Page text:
Inside Out

Meet Riley. She’s an 11-year-old single child about to turn 12, uprooted from her family’s home in Minnesota for a move to San Francisco. Leaving behind her closest friends, familiar school and beloved sport of hockey, Riley experiences all the range of emotions, feelings and past memories one associates with a life that’s turned upside down. Those core feelings of emotions, coupled with her long and short-range memories, are the issues Riley must acknowledge, deal with and, ultimately, find coping mechanisms for. It’s there, in Riley’s head, where viewers find themselves in this captivating, funny and powerful film that touches every moviegoers’ emotional spirit — regardless of age.

Pixar, the studio that set the film industry’s high-bar for quality animation and rekindled our fascination with toys (“Toy Story” trilogy), taken us behind the scenes of working monsters (“Monsters, Inc.”) and life at sea (“Finding Nemo”), now exceeds even its highest standards.

This exceptional and thought-provoking film gives us more than just endless laughs with an astute plotline. It gives us much, much more. Behind Riley’s thoughts and actions we find a brilliant script delivered perfectly by an extraordinary ensemble of loveable voices.

As the “core feelings” inside Riley’s head, Anger (Lewis Black), Disgust (Mindy Kaling), Fear (Bill Hader), Joy (Amy Poehler) and Sadness (Phyllis Smith) take turns showing us why humans think and act the way we do. It’s the stream of consciousness, train of thought and how our core feelings and memories interact that “Inside Out” pries and probes diligently — elevating this movie from just a compilation of one-liners into a mind-blowing study on human nature.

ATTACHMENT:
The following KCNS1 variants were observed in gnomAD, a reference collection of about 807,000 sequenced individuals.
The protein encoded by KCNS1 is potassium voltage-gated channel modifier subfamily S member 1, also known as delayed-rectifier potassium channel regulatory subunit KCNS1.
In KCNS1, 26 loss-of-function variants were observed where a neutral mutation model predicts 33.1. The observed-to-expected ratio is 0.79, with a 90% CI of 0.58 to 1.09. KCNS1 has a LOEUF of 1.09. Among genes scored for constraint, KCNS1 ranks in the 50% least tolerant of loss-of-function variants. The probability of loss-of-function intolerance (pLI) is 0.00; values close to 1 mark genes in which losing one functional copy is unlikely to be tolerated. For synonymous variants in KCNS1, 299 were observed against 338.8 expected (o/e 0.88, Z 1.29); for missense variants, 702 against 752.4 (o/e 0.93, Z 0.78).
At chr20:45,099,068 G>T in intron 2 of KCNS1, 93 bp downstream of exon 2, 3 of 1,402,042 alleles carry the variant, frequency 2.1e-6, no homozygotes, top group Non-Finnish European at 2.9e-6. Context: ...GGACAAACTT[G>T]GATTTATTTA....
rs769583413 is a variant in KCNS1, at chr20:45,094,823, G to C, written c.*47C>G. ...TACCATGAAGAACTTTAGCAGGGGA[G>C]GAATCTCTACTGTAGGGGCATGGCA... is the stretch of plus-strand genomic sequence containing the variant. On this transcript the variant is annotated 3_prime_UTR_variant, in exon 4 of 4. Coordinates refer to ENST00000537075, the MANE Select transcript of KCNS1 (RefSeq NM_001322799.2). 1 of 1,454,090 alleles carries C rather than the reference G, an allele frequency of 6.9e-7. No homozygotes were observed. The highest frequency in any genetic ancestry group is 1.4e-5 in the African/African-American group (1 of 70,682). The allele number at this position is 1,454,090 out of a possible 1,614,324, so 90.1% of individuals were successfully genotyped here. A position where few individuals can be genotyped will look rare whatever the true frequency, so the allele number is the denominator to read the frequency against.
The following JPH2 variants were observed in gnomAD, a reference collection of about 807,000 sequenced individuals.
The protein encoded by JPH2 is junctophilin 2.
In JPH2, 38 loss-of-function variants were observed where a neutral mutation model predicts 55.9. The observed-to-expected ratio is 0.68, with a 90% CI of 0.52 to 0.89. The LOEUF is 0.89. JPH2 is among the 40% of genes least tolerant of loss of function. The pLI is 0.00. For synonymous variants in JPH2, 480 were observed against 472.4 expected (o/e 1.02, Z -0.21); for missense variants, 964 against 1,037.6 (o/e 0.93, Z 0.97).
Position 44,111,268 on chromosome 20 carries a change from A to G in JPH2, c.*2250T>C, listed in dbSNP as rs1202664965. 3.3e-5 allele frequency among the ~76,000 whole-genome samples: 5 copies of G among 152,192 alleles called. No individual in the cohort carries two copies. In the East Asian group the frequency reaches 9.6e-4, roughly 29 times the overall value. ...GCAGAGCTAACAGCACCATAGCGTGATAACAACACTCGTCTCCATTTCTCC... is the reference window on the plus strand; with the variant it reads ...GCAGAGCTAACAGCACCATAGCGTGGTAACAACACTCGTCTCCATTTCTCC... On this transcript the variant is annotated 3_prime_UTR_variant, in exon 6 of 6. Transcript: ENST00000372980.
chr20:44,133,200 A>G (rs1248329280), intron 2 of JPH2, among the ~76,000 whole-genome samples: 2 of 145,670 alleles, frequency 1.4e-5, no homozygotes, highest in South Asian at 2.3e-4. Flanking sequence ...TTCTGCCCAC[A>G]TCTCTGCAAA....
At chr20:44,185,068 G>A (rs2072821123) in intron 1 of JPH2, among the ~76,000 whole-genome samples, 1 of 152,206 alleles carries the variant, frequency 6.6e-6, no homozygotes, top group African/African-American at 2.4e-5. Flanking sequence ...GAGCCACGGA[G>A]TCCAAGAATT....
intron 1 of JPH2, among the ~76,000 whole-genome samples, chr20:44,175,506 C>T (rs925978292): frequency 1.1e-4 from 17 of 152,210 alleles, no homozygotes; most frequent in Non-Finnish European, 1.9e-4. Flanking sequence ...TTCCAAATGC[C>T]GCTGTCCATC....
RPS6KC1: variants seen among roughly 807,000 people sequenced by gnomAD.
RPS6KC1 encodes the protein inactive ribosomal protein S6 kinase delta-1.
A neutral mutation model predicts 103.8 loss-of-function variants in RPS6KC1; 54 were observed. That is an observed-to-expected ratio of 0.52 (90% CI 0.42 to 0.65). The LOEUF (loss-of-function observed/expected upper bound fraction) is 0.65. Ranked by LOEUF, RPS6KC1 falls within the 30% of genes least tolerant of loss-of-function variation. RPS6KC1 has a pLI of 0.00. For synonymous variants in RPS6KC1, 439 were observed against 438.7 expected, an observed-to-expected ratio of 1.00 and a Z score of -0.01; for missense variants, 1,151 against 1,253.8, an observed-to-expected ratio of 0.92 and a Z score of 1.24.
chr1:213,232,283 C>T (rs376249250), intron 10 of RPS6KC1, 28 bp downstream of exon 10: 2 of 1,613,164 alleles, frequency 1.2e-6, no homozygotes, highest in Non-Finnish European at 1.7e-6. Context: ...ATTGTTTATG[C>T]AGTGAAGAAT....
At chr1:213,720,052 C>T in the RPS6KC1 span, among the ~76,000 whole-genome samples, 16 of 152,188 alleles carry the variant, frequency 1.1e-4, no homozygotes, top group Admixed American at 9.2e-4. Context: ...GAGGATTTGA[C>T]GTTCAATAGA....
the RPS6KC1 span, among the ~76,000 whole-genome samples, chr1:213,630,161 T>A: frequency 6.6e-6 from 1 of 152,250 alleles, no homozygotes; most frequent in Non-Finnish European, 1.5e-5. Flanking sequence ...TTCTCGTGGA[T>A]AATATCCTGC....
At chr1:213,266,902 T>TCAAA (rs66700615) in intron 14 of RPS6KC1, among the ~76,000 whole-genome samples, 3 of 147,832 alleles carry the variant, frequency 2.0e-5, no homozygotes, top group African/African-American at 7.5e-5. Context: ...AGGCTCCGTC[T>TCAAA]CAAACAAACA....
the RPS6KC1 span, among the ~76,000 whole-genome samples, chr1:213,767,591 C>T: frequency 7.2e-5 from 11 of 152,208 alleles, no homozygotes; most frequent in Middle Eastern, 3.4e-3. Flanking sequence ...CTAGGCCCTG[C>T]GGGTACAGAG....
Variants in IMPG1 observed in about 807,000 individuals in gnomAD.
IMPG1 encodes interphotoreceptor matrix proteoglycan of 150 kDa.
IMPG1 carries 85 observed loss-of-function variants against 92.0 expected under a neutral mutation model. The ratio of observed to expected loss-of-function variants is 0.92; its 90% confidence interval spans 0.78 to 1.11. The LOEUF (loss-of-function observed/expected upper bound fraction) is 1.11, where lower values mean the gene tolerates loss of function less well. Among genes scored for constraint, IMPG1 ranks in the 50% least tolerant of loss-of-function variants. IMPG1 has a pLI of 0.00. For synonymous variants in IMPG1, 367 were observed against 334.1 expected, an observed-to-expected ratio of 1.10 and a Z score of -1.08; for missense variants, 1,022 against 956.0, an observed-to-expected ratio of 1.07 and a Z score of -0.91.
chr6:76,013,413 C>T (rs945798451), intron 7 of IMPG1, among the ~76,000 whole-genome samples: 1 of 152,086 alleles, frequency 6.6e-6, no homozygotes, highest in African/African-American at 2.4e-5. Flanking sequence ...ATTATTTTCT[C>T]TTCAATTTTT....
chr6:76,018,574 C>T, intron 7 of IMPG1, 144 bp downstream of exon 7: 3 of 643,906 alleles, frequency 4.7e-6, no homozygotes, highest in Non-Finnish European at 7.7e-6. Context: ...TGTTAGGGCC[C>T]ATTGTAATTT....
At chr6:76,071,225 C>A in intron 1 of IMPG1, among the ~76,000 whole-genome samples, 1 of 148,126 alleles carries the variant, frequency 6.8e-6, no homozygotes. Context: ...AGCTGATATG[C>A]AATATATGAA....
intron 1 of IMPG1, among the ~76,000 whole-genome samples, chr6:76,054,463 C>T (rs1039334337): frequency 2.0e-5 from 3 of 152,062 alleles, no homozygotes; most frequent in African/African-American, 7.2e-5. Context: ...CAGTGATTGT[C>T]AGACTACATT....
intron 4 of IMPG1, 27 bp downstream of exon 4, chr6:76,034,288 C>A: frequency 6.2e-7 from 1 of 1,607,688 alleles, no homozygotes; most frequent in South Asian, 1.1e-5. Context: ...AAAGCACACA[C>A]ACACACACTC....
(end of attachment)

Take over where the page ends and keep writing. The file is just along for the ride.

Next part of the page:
Director Pete Doctor has already provided two of the best Pixar films (“Monsters, Inc.” and “Up”) from the studio. Now, with “Inside Out,” he’s easily achieved Pixar’s most stunning, cogent production to date.

The importance of Inside Out is the message it sends to all of us about feelings. For children, it implores them to discuss their feelings openly, understanding the connection between emotions and memories. And for adults, it underscores the notion that all feelings are important to acknowledge and express.  That if we allow ourselves to express our feelings, emotions can work together to either hold us back in life, or move us forward in a positive direction. 

Multicolored emotions can exist and do — but may also be for our own good. After all, we have the power to look back at memories of the past through certain lenses that affect, or change, our present moods.

“Inside Out” succeeds because it elevates the Pixar game in each of the major categories: appeal, creativity and relevance. This film’s humor and plot make it enjoyable and worth seeing for everyone. 

The industry-leading computer-generated animation continues, but Pixar now dominates all other competitors--including its own Academy Award-winning films — with this masterpiece on the human mind. Never has the human consciousness been as exposed and explained in such lucid and understandable ways for all ages.

Film-goers will leave the theater armed with a better understanding of how and why we feel and react the way we do. 

This movie’s most satisfying trait is that as it takes viewers inside someone else’s head, we see that others actually think like us. That empathy provides an opportunity for one’s emotional feelings, trains of thought, and memories on the inside to be shared with others on the outside—helping everyone to cope with that thing called Life.  And that alone is worth the price of admission to see one of 2015’s best films.

Grade: A+


(Editor’s Note: Patrick King is a resident of Oro Valley and writer for the REEL BRIEF movie blog at  You may email him at

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